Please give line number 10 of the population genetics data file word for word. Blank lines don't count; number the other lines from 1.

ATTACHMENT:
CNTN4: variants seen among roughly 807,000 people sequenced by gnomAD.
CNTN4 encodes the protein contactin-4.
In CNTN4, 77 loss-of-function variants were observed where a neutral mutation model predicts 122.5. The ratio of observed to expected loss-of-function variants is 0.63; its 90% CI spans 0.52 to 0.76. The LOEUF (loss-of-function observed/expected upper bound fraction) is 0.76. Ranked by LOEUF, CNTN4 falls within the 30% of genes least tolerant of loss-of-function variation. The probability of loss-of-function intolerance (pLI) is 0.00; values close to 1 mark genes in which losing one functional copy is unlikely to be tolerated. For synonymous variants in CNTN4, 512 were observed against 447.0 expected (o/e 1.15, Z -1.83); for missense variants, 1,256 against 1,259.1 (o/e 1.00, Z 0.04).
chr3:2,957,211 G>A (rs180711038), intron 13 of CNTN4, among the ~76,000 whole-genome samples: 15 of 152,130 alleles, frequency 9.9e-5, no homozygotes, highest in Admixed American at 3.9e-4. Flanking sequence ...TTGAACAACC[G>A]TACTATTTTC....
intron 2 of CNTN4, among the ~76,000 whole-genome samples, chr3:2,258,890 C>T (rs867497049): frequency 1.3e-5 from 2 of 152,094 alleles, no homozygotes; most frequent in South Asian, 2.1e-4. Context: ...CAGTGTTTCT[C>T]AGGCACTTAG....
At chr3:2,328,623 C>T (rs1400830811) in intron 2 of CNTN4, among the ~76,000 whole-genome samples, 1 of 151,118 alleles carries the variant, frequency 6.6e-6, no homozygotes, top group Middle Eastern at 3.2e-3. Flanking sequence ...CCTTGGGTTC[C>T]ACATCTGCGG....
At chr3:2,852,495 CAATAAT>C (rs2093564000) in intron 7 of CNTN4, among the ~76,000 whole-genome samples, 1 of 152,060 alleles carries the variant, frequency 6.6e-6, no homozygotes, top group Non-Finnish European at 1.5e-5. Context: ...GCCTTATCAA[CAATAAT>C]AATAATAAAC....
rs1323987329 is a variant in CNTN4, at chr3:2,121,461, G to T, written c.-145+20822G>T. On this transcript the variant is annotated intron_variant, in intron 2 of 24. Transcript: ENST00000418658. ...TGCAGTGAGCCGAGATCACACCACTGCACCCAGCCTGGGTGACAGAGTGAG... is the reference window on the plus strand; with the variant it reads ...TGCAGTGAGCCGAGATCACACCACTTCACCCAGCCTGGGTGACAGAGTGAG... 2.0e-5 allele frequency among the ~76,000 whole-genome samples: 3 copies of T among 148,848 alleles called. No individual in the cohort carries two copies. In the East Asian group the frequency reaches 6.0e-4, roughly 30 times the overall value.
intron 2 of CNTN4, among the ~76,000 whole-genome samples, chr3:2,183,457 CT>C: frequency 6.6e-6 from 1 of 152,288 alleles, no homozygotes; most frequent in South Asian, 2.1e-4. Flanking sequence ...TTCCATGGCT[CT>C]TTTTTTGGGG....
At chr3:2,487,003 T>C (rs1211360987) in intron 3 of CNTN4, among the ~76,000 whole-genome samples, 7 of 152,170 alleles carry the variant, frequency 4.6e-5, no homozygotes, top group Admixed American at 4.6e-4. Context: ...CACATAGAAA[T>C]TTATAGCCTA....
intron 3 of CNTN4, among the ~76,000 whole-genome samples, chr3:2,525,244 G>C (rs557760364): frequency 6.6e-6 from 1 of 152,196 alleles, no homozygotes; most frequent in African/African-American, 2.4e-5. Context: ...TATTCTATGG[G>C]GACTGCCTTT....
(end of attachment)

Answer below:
At chr3:2,487,003 T>C (rs1211360987) in intron 3 of CNTN4, among the ~76,000 whole-genome samples, 7 of 152,170 alleles carry the variant, frequency 4.6e-5, no homozygotes, top group Admixed American at 4.6e-4. Context: ...CACATAGAAA[T>C]TTATAGCCTA....